I'm obsessed by Daffodils at the moment! They're growing in my garden, along the lane running up to the house, and seem to be popping up everywhere I look. For me, these cheerful golden flowers tare a sure sign that Spring is truly here. I must be obsessed with Daffodils because Spring is definitely my favourite time of the year.
Recently while researching natural colours that can be used in cold-process soapmaking I came across a reference to using Daffodils. Though the bulbs and sap of these lovely flowers are dangerous if ingested, compounds derived from the plant are sometimes found in beauty products including a body moisturiser from Nu Skin and a facial toner for dry skin made by Gatineau.
I've used several different natural ingredients to tint my soap yellow but I have to say that I'm really pleased by the buttery tone of this Daffodil soap recipe. It's a natural golden colour that suits a citrusy scent such as Citronella or May Chang essential oil but could equally be paired with a fragrance oil if you're not averse to using them. I'm sure there are also some gorgeous spring scented options that would perfectly suit this recipe including a 'Daffodil' scented one that I saw for sale online. You could even go the extra mile and pour your soap into daffodil inspired moulds!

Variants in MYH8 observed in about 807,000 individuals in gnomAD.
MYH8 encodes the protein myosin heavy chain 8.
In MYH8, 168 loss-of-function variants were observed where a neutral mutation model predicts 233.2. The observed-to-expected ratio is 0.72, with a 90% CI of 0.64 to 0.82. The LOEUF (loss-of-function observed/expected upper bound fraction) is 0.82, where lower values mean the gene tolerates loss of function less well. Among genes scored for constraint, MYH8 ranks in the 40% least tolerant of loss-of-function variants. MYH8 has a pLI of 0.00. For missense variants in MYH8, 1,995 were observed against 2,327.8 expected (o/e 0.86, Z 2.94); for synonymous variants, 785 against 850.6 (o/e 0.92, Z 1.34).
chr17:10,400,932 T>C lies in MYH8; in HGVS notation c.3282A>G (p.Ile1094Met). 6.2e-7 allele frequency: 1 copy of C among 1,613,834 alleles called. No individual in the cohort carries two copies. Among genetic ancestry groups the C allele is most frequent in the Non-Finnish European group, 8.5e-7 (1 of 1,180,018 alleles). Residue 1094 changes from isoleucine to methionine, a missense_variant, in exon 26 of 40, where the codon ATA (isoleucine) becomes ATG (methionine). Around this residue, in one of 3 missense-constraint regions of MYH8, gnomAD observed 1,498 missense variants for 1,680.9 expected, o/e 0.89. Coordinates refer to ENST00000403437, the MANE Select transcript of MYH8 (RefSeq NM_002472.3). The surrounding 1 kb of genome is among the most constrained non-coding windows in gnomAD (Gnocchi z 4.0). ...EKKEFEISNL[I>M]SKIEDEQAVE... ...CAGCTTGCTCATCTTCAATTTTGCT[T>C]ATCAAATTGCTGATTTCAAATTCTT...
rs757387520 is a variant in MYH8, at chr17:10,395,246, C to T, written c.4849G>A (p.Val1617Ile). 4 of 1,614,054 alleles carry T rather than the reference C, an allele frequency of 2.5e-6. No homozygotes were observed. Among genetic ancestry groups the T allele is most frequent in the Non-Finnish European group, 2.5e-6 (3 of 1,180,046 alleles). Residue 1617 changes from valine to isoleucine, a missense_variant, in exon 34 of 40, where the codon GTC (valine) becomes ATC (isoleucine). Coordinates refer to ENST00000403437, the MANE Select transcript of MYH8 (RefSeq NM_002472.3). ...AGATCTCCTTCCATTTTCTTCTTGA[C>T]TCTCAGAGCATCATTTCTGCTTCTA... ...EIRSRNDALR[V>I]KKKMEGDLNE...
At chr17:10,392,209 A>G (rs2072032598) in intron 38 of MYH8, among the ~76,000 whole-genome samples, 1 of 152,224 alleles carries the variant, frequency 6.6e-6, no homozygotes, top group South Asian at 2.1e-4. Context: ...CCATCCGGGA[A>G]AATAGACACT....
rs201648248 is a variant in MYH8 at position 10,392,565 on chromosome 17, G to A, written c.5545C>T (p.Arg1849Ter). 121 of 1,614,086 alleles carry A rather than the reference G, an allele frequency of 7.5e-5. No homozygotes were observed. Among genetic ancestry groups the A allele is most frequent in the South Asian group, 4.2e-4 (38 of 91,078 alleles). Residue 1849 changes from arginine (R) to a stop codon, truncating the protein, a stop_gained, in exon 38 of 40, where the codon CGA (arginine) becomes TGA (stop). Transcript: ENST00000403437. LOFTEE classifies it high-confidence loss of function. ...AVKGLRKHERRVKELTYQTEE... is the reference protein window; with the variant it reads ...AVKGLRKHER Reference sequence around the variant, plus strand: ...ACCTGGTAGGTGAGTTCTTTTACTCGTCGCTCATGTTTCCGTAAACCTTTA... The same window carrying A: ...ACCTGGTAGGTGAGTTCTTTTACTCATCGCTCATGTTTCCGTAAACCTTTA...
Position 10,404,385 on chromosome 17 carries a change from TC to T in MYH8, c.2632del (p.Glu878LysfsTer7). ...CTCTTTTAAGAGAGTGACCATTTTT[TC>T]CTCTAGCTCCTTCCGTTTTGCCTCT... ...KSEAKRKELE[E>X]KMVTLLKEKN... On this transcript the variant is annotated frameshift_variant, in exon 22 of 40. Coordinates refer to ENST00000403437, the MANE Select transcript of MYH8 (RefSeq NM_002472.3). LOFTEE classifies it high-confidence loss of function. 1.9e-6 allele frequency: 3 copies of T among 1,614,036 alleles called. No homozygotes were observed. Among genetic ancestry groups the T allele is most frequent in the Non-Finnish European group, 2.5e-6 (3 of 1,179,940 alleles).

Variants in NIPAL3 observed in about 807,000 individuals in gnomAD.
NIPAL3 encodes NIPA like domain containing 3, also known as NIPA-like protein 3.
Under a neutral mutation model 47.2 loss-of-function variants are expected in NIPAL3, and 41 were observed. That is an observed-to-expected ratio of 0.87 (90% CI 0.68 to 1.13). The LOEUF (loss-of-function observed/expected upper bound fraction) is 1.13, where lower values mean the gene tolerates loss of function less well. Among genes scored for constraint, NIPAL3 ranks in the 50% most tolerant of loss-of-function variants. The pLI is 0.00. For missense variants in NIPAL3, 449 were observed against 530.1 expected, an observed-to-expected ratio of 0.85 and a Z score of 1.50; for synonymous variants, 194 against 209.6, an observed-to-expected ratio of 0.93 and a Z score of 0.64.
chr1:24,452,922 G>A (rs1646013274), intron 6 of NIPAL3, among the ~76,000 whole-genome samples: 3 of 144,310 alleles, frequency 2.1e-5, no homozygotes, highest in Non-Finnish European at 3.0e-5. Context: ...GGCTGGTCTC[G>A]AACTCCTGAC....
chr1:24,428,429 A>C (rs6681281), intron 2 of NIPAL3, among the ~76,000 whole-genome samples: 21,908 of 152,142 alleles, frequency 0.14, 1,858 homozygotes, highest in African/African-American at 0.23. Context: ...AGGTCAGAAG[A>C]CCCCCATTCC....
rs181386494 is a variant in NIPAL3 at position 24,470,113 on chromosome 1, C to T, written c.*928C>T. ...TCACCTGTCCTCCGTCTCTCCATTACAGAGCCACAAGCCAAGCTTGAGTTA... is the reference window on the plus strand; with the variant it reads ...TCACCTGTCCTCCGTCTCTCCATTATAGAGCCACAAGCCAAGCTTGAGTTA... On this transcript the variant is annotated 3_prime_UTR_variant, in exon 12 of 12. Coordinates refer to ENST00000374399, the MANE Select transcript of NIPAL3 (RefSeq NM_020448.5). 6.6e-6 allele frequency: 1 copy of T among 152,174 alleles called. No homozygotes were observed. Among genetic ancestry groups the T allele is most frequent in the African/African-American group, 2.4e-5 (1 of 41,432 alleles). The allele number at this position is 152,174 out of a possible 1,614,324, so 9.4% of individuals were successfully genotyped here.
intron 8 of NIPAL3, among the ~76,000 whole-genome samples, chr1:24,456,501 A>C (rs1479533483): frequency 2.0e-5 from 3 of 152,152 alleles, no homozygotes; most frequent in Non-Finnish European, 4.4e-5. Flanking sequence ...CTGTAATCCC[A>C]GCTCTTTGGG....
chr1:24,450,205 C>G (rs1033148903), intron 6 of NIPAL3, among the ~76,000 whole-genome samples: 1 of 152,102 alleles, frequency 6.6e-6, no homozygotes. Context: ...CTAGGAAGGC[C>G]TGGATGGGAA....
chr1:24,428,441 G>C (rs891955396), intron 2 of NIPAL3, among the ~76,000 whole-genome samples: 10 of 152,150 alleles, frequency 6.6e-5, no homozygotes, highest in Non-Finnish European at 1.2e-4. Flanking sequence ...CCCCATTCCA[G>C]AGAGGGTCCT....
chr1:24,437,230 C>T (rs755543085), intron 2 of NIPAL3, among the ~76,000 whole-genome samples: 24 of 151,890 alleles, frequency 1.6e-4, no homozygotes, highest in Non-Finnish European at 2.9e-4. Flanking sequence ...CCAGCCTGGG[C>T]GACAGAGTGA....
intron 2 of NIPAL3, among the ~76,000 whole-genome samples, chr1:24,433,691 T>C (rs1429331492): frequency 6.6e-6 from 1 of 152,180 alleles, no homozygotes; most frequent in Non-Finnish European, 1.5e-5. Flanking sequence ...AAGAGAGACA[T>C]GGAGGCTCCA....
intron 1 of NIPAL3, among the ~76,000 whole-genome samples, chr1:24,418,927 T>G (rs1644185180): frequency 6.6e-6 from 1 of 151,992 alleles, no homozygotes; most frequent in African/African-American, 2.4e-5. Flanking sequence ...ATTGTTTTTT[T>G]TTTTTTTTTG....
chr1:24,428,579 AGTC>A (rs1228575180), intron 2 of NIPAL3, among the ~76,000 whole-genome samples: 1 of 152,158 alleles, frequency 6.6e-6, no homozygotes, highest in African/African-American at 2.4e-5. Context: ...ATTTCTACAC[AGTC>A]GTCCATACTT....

Daffodil Soap Recipe
800g / 1.76lb batch
all measurements are based on weight, not volume
110g / 3.9oz NaOH (Sodium Hydroxide)
220g / 7.76oz Daffodil Infused Water - see method below
15 Daffodil flowers - yellow flower parts only
320g / 11.29oz Olive oil Pomace
200g / 7oz Coconut oil
200g / 7oz Sustainably Sourced Palm oil
80g / 2.8oz Shea Butter
15g / 0.5oz (4tsp) May Chang Essential oil
10 drops Grapefruit Seed Extract
NOTE: The instructions below are very basic and are meant to be used in accordance with the method I detail in my Natural Soapmaking series - see this link for how to make the soap at home.
To make the Daffodil Infusion: pour 300g of scalding water over fifteen daffodil heads (have a look at the second photo in this blog). Allow to seep until the water reaches room temperature and then puree the flowers and water until there are no large bits. Strain this mixture through a cheesecloth or fine mesh strainer and measure out 220g of it to use in the recipe. After that's sorted, follow the basic soap making instructions I've put together at this link.
Temperature: I mixed the oils and lye-solution at 48°C / 118°F and then insulated the soap afterwards so that it 'gelled'. By insulating the soap after it's poured into the mould, the temperature will rise before it starts to cool and the colour of the soap will intensify.